Posted by nyssa on May 14, 2012 in ,

In recent months the life of the internet had been taunted with two American legislative proposals SOPA (Stop Online Piracy Act) and PIPA (Protect IP Act) causing massive discussions and debates worldwide. The two acts backed by the film and music distributors aimed to protect intellectual property – in layman’s terms; to stop pirated music, films and all property indirectly associated with the owner – by shutting down and essentially making the host site ‘invisible’ without prior warning. So what caused Congress to defer the bill? Social Media.

After online giants like Wikipedia, Firefox and Google began the ‘Black Out’ protest on January 18th and the situation was brought to the forefront of the public’s minds, the act was deferred. Having scoured the internet after the defeat, many articles are reporting that it was the power of social media that derailed the piracy acts; this is an indication of the power of not only the internet, but social media as a whole.

As at January 2012, over 800 million users were on Facebook, 200 million on Twitter and 135 million on LinkedIn with businesses rapidly creating company pages and interacting on social media sites on a regular basis. With such an influx, are both employer and employee taking the correct precautions in protecting their internet presence before an undesirable situation could occur?

A union delegate won an unfair dismissal case against Linfox in December 2011 for making inappropriate comments against two managers on Facebook. Despite the remarks being made on a ‘public’ forum, the employee’s profile had high-privacy settings and the Commissioner ruled the comments in bad taste but not derogatory therefore, was able to serve out the remainder of their contract and receive all entitlements. On the other end of the scale, the Australian Public Service Commission has released new guidelines which prevents public servants from making any comments directly or indirectly related to any government policy during and outside of work hours. And finally from a Recruitment perspective; UK-based BG Group has a policy implemented whereby employees registered on LinkedIn were unable to select the “career opportunities” box and when a graduate-recruiter made the mistake of uploading his resume and clicking on the link, he was ordered to remove his CV and forced to stand down for “inappropriate social media use”.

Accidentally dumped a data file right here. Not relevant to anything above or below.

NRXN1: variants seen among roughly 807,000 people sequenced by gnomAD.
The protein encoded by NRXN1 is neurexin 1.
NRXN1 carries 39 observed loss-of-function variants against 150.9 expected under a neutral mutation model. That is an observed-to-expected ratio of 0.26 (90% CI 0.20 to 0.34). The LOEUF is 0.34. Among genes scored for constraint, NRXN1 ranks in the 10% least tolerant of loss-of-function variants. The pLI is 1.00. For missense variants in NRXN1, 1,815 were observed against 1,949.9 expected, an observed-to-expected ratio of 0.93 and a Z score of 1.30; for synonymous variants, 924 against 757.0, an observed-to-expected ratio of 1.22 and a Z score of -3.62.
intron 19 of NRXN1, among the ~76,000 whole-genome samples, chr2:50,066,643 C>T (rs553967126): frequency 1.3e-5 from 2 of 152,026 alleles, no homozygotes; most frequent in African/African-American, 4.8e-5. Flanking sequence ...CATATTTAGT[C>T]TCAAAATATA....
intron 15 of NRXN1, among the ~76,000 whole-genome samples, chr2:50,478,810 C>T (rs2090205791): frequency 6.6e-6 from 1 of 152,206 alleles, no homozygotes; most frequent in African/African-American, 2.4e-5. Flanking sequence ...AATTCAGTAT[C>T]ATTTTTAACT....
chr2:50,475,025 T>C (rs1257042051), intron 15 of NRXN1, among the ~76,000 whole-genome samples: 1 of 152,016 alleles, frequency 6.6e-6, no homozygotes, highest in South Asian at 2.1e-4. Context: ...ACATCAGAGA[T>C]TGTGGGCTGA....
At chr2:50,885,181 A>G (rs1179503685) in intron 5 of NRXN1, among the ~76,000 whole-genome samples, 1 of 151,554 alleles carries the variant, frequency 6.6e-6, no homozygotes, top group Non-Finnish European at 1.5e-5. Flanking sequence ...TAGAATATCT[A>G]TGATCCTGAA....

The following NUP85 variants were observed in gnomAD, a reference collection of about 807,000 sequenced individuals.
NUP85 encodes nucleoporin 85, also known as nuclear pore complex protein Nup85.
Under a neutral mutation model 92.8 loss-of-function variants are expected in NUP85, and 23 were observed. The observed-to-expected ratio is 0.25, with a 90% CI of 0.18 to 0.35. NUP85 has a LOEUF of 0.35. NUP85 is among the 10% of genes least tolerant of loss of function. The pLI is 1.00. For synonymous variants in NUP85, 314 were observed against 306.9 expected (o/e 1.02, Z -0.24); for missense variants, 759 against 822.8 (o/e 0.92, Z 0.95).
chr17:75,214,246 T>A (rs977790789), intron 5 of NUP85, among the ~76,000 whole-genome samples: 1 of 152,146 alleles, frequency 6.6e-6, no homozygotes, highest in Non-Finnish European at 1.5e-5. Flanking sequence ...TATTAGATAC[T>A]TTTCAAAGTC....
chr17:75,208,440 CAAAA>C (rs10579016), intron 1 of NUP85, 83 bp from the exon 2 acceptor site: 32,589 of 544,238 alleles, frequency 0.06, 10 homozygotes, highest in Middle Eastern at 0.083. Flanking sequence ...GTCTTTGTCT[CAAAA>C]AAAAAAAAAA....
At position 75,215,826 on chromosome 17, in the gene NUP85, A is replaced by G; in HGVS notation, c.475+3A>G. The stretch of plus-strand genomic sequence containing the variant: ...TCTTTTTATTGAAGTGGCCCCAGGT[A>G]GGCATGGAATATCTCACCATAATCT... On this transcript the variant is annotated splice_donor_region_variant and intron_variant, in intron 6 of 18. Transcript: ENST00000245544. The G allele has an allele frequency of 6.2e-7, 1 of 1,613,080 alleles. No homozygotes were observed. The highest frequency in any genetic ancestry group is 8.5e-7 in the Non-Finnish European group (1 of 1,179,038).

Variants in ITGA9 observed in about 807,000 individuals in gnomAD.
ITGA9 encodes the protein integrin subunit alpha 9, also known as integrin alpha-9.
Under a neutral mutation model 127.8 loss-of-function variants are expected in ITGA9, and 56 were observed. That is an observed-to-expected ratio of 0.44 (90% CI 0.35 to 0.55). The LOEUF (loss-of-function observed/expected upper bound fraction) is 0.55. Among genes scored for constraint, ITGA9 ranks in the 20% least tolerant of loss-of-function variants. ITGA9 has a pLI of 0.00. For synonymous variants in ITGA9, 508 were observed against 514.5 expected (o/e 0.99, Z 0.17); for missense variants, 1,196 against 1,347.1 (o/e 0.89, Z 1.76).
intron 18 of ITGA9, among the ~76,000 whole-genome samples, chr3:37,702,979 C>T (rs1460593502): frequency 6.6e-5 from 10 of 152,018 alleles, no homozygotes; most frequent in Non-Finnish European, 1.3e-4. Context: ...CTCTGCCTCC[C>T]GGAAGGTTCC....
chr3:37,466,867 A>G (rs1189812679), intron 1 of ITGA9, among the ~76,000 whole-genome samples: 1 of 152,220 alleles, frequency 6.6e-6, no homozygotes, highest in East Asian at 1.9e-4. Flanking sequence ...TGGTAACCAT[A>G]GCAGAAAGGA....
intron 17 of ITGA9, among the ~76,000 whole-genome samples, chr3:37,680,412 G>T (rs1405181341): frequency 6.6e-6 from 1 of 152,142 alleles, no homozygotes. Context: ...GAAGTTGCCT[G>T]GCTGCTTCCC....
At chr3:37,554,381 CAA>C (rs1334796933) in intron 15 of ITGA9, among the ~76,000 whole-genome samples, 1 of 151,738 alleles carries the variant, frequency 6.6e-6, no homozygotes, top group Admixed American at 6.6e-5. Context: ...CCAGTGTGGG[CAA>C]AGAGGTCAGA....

All three of the above examples are warnings of the dangers of the internet and when tied in with the power of social media (with Facebook preparing to file paperwork for an offering that could value the company up to $US100 billion), it is a great indication as to why companies should be looking at creating and implementing social media strategies; not only to protect themselves but to protect the security of their employees. Creating a policy that allows employees the right to freedom of expression and speech but also maintaining a professional presence for the company is fair and reasonable on both parties involved.

Bianca Jovicic – Office Administrator

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